With image labeling technology, legal professionals can quickly select images likely to be relevant as well as exclude or deprioritize images not likely to be germane.
The Marriage of Machine Learning and Natural Language Processing: Reusable AI Models
Machine learning and natural language processing can be combined to create reusable AI models. Legal teams can use models built by others. If they have appropriate resources at their disposal, they also can build and run a wide array of their own models.
Legal firms use models to achieve many various objectives, fit various business models. They use these models to find potentially privileged content. They deploy models locate information that tends to support or refute asserted causes of actions and defenses to those causes. They run models to bring to light legal issues before those issues become formal complaints, bring on investigations, or led to lawsuits. They also turn to models to identify content unlikely to be of interest in an investigation or lawsuit. Examples of content not likely to be of interest include out-of-office messages and communications about sports, social activities, family, and personal plans.
If their legal technology permits, law firms and legal departments reuse AI models. They might run a single model multiple times over the live of a single matter. They might deploy many models in a single matter. They might also use the same model in different matters.
Law firms, legal departments, and service providers use models to identify conversations and communications:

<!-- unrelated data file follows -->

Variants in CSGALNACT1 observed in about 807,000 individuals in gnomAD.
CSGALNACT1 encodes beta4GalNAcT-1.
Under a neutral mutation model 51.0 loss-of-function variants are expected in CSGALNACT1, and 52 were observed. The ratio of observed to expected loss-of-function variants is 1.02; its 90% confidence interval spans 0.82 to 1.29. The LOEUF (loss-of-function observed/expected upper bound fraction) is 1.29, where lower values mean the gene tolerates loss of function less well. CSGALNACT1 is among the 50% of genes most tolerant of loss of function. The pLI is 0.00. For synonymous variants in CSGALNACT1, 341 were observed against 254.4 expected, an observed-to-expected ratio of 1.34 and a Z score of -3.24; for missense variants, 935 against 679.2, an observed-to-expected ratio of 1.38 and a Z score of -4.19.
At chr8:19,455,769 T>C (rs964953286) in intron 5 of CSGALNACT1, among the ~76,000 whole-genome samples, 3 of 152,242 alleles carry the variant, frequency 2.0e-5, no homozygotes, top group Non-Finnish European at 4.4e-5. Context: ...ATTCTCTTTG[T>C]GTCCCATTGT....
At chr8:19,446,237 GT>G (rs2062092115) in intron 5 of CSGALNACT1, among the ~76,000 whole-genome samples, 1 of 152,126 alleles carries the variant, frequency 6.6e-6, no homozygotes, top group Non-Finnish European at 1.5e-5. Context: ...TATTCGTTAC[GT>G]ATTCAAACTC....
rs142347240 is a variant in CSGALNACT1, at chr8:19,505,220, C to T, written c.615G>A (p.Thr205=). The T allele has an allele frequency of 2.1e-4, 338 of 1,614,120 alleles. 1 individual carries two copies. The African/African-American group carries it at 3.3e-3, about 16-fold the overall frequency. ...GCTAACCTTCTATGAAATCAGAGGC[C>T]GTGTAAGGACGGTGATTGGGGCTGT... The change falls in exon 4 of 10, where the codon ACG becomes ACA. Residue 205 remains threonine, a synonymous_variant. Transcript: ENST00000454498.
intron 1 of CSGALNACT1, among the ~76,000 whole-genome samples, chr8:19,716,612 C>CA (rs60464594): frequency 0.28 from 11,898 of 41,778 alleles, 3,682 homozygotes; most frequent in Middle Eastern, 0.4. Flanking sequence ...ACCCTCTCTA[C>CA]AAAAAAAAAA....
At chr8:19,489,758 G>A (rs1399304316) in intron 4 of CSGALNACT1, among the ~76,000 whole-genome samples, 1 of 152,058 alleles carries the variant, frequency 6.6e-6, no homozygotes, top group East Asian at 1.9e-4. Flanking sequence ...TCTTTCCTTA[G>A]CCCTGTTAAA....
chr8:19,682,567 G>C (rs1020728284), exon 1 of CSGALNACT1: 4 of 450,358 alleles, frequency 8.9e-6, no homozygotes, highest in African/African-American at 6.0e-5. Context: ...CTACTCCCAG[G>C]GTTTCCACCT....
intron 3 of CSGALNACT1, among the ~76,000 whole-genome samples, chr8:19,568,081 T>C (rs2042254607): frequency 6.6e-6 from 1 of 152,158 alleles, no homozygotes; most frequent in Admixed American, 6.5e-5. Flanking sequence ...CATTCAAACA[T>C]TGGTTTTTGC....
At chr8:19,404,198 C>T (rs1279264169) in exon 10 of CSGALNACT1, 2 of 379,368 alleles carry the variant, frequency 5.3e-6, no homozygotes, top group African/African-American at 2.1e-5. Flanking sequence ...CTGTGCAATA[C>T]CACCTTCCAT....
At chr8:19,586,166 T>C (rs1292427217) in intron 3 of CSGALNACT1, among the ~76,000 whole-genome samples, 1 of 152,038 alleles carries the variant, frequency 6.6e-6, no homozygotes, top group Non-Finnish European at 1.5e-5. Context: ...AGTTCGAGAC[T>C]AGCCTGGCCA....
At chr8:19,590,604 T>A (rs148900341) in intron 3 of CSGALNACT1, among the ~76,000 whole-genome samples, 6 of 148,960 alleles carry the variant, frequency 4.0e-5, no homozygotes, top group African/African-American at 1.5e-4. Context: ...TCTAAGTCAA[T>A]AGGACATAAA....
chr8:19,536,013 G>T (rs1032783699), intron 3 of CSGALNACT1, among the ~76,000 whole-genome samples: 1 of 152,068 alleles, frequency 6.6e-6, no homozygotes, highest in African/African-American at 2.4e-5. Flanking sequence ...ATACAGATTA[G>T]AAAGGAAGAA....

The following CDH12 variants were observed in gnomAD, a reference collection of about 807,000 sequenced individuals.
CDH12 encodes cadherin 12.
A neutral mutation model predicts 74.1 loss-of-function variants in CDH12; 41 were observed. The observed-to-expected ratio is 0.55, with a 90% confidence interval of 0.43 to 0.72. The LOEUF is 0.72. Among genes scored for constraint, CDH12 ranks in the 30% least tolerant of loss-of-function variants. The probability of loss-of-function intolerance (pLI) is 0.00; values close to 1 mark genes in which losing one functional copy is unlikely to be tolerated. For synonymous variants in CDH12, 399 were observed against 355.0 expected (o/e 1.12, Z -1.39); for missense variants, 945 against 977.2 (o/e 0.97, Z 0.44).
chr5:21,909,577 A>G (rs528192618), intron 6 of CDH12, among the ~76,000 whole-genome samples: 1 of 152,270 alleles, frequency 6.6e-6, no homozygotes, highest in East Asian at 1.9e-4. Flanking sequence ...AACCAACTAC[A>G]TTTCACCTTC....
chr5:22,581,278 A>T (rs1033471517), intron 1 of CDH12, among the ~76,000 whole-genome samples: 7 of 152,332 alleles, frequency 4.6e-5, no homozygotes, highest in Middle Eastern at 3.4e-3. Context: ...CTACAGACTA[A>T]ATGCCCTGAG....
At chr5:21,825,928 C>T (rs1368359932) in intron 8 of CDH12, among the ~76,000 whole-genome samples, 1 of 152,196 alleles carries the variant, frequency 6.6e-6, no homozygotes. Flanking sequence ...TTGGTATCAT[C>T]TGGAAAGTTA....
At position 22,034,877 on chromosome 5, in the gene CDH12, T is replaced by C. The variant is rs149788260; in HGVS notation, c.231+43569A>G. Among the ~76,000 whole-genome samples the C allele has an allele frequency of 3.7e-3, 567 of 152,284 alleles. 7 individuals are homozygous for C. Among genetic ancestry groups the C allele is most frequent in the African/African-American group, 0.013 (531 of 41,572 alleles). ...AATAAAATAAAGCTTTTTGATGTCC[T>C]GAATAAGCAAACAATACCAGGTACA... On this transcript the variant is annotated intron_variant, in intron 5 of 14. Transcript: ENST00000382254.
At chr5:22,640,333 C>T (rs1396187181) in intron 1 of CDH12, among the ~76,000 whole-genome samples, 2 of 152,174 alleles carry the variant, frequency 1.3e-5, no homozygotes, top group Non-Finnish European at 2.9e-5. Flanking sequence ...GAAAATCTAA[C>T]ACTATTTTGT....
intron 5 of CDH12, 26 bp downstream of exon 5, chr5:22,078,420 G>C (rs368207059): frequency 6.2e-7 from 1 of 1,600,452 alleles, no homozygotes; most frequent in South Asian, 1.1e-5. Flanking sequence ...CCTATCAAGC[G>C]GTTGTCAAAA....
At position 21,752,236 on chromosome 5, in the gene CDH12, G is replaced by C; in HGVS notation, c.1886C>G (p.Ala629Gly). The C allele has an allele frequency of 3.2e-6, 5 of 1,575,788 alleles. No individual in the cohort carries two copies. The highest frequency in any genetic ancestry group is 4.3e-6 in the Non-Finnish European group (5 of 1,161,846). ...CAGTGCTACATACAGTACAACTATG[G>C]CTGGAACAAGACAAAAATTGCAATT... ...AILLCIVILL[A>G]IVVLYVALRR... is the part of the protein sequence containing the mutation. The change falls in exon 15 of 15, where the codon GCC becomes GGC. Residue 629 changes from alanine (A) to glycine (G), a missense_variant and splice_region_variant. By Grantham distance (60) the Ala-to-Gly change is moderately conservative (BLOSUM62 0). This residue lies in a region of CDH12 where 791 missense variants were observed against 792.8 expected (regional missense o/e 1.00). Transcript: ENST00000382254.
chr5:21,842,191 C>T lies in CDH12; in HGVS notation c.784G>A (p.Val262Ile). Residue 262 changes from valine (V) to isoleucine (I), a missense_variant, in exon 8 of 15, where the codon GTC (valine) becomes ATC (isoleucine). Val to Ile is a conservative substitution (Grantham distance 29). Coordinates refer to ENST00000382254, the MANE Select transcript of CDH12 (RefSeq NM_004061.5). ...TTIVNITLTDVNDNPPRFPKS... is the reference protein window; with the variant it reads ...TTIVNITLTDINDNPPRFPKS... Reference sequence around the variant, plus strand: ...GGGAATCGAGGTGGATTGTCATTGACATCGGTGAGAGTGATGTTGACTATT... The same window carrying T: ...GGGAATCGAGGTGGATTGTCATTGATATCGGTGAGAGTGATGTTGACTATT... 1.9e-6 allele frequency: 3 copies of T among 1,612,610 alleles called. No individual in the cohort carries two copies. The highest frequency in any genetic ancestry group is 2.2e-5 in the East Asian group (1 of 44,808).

- Involving privileged content such as requests for legal advice, legal advice itself, and documents used to prepare for depositions.
- Where participants solicit or share advice.
- Containing advertisements, newsletters, and other forms of promotional material.
- About gifts and forms of entertainment that might have monetary value such as tickets to sporting events, theater performances, and concerts.
- Containing descriptive language related to sexual acts or inappropriate behavior, including ones that are general in nature as well as ones that target a specific person or situation.
- Disparaging or suggesting animosity toward an individual or a group due to race, color, national origin, sex, disability, religion, or sexual orientation.
- With colleagues, clients, or outside vendors about pricing or fees for a good or service.
AI in the Legal Sector: Common Uses
Document Review and Analysis
Lawyers use AI in numerous ways to build their legal knowledge when conducting investigations and handling lawsuits. The best known and most widely promoted use is predictive coding (TAR 1.0, TAR 2.0, and their kin). It is far from the only use, however. In each of the examples below, Reveal has incorporated artificial intelligence to help lawyers and other legal professionals work better, faster, cheaper:
- Behavioral analytics: Analyze patterns across multilingual data to find key stories and events.
- Thread intelligence: Define connections between parties, both for 1:1 conversations and across multiple replies.
- Dataless classification: Recognize and understand business concepts hidden deep within documents.
- Faceted search: Surface hidden relationships between concepts, companies, locations, and people.
- Link chart analysis: Visually depict relationships between people and organizations visually, making communications patterns clearer.
- NLP-based TAR 2.0: Active and infinite learning using multiple classifiers and auto-calibration.
- Reusable AI models: As discussed above.
- Custodian recommendations: Apply NLP-based linguistic analysis to suggest potentially significant additional custodians.
- Sentiment analysis: Identify emotional content, its type, and its intensity, and display results visually.
A growing number of AI-enhanced offerings help folks in the legal sector do a better job of contract review, analysis, negotiation, and performance. JPMorgan has used a machine learning program called COIN (for COntract INtelligence) to interpret commercial loan agreements. KiraSystems offers a machine learning-based system designed to allow legal teams to identify concepts and clauses in contracts as well as spot issues and trends across agreements. The platform from LawGeex draws on AI technology to automate the contract review process.